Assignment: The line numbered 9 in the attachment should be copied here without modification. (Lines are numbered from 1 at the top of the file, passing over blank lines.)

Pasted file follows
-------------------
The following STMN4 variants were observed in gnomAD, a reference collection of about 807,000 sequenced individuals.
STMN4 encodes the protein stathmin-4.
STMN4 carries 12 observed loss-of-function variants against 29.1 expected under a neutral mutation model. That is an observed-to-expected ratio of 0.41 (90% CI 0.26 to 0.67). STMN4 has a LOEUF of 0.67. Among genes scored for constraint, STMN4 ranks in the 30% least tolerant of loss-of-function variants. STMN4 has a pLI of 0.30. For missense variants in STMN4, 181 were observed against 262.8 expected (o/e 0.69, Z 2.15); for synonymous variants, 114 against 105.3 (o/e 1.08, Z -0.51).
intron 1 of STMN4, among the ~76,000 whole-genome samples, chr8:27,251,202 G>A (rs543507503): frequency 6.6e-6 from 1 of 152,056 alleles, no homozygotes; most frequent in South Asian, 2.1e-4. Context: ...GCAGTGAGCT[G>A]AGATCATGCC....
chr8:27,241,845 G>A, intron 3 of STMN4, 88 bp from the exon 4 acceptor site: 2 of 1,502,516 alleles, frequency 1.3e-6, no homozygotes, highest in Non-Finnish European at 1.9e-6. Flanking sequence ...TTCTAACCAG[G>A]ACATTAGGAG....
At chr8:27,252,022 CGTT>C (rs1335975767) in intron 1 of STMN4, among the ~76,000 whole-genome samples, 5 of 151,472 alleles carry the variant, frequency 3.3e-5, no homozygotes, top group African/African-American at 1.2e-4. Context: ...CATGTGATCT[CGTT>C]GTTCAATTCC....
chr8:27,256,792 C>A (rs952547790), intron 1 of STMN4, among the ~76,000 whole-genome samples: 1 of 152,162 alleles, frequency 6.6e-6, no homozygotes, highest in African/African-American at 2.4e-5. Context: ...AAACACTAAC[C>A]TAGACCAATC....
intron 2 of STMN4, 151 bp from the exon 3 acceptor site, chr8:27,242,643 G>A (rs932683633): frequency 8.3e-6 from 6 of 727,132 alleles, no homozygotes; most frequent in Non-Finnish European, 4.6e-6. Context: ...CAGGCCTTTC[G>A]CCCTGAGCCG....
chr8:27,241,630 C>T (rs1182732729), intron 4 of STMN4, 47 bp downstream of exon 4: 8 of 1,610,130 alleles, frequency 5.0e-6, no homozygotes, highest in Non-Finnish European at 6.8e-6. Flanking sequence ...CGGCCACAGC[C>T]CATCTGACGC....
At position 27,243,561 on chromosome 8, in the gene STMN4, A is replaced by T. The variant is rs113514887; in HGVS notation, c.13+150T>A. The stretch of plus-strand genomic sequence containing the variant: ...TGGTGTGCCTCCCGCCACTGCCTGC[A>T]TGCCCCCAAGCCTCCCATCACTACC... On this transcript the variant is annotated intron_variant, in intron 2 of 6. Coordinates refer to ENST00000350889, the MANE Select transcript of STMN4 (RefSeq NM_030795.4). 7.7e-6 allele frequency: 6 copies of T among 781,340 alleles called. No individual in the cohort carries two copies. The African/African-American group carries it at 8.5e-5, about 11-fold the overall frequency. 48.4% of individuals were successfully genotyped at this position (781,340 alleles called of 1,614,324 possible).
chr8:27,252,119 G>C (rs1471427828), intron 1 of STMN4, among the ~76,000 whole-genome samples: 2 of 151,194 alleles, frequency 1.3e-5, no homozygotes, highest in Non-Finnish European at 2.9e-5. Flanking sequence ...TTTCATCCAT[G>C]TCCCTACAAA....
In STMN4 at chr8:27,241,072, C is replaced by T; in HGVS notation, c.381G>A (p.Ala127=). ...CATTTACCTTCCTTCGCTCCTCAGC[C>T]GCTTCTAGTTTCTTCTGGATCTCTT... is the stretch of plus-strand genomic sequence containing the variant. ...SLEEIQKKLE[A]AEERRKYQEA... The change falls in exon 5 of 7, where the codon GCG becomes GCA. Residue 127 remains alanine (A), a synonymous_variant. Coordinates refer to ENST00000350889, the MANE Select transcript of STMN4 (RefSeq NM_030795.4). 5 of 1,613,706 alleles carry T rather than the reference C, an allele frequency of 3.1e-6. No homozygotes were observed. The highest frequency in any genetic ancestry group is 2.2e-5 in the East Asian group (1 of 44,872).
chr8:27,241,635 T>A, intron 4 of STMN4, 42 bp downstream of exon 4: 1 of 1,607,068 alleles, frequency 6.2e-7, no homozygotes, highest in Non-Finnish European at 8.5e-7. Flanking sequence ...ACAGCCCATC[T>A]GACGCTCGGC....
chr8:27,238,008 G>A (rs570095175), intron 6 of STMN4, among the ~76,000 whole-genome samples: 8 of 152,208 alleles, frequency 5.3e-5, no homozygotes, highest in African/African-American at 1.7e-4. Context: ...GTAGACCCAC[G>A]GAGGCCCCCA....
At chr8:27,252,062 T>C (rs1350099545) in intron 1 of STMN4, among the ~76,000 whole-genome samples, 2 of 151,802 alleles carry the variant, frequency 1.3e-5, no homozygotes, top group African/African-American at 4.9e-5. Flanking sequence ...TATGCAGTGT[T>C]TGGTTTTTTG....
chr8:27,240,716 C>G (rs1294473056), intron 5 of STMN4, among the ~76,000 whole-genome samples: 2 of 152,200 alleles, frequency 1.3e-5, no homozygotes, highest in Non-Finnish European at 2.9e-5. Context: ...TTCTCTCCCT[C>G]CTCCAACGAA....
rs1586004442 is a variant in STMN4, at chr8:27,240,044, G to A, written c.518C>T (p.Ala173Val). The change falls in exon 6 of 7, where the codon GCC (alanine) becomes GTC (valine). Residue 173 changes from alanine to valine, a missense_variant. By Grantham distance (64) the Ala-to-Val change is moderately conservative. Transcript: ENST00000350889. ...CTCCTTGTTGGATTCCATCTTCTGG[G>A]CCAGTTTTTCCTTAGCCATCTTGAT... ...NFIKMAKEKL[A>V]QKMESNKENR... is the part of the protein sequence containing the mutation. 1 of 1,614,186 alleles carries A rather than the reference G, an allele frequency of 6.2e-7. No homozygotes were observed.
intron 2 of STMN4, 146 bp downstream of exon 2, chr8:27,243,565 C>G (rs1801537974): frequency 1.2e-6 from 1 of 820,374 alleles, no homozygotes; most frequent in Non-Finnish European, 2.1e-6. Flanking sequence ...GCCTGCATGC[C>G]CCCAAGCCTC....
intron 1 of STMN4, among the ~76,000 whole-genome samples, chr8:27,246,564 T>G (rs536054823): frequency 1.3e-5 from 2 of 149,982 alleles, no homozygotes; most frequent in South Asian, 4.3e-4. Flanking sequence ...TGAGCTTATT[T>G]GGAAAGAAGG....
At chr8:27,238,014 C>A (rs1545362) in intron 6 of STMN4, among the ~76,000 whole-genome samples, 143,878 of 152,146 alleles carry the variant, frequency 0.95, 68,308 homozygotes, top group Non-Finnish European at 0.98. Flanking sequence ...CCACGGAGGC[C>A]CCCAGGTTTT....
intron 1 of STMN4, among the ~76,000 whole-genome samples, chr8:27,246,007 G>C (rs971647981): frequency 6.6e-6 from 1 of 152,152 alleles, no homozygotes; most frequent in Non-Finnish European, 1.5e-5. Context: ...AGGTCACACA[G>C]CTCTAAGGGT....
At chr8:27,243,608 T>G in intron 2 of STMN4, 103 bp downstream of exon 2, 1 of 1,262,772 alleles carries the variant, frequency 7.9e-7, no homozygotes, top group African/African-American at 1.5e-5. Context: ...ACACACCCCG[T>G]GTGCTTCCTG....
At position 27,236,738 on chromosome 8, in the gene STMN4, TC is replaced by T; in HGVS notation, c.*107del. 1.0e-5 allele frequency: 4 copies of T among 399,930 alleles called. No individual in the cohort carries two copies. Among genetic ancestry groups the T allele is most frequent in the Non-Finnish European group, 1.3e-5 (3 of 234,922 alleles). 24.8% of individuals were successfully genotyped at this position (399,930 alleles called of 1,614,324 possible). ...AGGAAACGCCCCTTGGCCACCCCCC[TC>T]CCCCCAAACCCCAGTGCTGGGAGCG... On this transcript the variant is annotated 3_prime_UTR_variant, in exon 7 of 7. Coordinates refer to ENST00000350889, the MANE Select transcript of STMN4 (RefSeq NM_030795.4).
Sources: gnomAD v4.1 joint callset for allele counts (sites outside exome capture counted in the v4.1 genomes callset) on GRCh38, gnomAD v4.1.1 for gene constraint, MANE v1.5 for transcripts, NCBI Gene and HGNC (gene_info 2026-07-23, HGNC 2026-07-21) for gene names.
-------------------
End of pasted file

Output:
chr8:27,241,630 C>T (rs1182732729), intron 4 of STMN4, 47 bp downstream of exon 4: 8 of 1,610,130 alleles, frequency 5.0e-6, no homozygotes, highest in Non-Finnish European at 6.8e-6. Flanking sequence ...CGGCCACAGC[C>T]CATCTGACGC....